Adek Berry /AFP/Getty Images
Three Afghan men on a motorcycle passed by as U.S. Marines patrolled last month in Afghanistan's Helmand Province.
Three Afghan men on a motorcycle passed by as U.S. Marines patrolled last month in Afghanistan's Helmand Province. Adek Berry /AFP/Getty Images
"Nearly two-thirds of Americans now say the war in Afghanistan is no longer worth fighting, the highest proportion yet opposed to the conflict," The Washington Post reports this morning.
In a new Washington Post-ABC News, 1,005 adults were asked this question: "Considering the costs vs. the benefits to the United States, do you think the war in Afghanistan has been worth fighting or not?" In response, 64 percent said "not worth it," while 31% said "worth it."
This comes as Gen. David Petraeus, the top U.S. commander in Afghanistan, prepares to tell Congress today that there's been solid progress in Afghanistan and that U.S. forces can start to withdraw this summer, as planned.
Update at 11:25 a.m. ET: Petraeus' as-prepared-for-delivery statement for the Senate Armed Services Committee hearing is now posted here.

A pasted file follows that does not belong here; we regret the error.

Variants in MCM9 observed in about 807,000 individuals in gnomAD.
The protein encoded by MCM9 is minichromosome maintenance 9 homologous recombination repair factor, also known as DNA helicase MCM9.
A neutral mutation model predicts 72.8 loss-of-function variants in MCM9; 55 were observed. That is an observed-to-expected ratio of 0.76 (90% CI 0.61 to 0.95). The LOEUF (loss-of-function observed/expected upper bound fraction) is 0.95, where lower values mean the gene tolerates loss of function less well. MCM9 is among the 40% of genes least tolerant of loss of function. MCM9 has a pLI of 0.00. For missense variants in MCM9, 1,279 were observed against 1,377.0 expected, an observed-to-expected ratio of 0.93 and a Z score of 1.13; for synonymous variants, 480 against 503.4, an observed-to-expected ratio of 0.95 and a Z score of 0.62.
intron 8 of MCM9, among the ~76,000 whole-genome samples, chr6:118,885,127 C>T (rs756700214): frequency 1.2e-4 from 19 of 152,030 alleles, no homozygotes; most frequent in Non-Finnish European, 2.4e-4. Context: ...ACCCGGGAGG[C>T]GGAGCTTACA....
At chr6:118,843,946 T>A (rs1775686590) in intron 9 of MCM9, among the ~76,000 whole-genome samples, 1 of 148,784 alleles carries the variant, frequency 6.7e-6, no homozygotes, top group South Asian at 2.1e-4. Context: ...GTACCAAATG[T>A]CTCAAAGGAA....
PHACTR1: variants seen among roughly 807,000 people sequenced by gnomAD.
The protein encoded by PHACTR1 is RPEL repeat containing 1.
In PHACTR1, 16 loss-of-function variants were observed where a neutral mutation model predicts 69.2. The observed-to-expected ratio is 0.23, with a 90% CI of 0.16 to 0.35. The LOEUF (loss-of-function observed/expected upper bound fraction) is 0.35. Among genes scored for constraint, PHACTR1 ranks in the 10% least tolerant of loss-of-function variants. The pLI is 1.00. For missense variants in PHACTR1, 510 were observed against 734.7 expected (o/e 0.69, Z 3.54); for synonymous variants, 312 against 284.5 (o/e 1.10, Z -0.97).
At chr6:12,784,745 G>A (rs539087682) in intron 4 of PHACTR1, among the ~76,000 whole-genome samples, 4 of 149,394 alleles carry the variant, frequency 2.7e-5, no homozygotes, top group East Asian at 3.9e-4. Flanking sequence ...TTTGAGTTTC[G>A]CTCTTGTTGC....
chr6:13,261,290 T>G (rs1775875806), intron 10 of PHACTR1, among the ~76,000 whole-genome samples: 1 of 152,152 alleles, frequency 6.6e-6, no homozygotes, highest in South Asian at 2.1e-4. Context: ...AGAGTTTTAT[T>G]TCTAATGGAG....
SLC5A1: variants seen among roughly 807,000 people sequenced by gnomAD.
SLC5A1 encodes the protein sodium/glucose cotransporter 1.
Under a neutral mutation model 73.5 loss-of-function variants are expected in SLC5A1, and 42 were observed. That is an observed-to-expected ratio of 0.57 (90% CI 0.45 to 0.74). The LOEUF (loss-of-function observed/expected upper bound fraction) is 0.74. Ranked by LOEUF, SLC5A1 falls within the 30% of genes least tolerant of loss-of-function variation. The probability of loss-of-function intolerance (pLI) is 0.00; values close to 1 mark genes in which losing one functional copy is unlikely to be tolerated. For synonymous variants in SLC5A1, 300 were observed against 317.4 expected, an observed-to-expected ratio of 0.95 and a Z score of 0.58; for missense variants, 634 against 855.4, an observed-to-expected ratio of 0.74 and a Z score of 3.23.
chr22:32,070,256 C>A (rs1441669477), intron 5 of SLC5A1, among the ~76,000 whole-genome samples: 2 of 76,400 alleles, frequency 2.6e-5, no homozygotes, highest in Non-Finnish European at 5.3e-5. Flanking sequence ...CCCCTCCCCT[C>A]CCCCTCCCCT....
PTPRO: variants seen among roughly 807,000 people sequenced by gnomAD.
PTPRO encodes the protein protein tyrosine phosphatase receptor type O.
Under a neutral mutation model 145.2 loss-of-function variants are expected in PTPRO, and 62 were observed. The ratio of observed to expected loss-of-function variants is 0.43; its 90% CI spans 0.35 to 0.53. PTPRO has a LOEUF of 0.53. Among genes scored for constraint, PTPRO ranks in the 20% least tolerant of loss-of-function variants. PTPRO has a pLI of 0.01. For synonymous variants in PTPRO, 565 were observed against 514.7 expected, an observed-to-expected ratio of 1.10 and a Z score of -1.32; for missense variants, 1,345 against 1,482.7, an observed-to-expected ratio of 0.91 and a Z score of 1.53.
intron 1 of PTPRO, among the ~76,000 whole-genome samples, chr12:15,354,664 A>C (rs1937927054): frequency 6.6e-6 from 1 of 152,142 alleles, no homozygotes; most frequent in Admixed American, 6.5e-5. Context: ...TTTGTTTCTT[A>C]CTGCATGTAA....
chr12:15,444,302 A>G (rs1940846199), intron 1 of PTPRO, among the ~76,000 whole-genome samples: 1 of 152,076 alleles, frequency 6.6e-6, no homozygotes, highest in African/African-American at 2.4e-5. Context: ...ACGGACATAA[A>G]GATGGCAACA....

He begins by saying:
"As a bottom line up front, it is ISAF's [the International Security Assistance Force] assessment that the momentum achieved by the Taliban in Afghanistan since 2005 has been arrested in much of the country and reversed in a number of important areas. However, while the security progress achieved over the past year is significant, it is also fragile and reversible.
"Moreover, it is clear that much difficult work lies ahead with our Afghan partners to solidify and expand our gains in the face of the expected Taliban spring offensive. Nonetheless, the hard-fought achievements in 2010 and early 2011 have enabled the Joint Afghan-NATO Transition Board to recommend initiation this spring of transition to Afghan lead in several provinces."
And in his conclusion Petraeus says:
"Although the insurgents are already striving to regain lost momentum and lost safe havens as we enter the spring fighting season, we believe that we will be able to build on the momentum achieved in 2010 — though that clearly will entail additional tough fighting."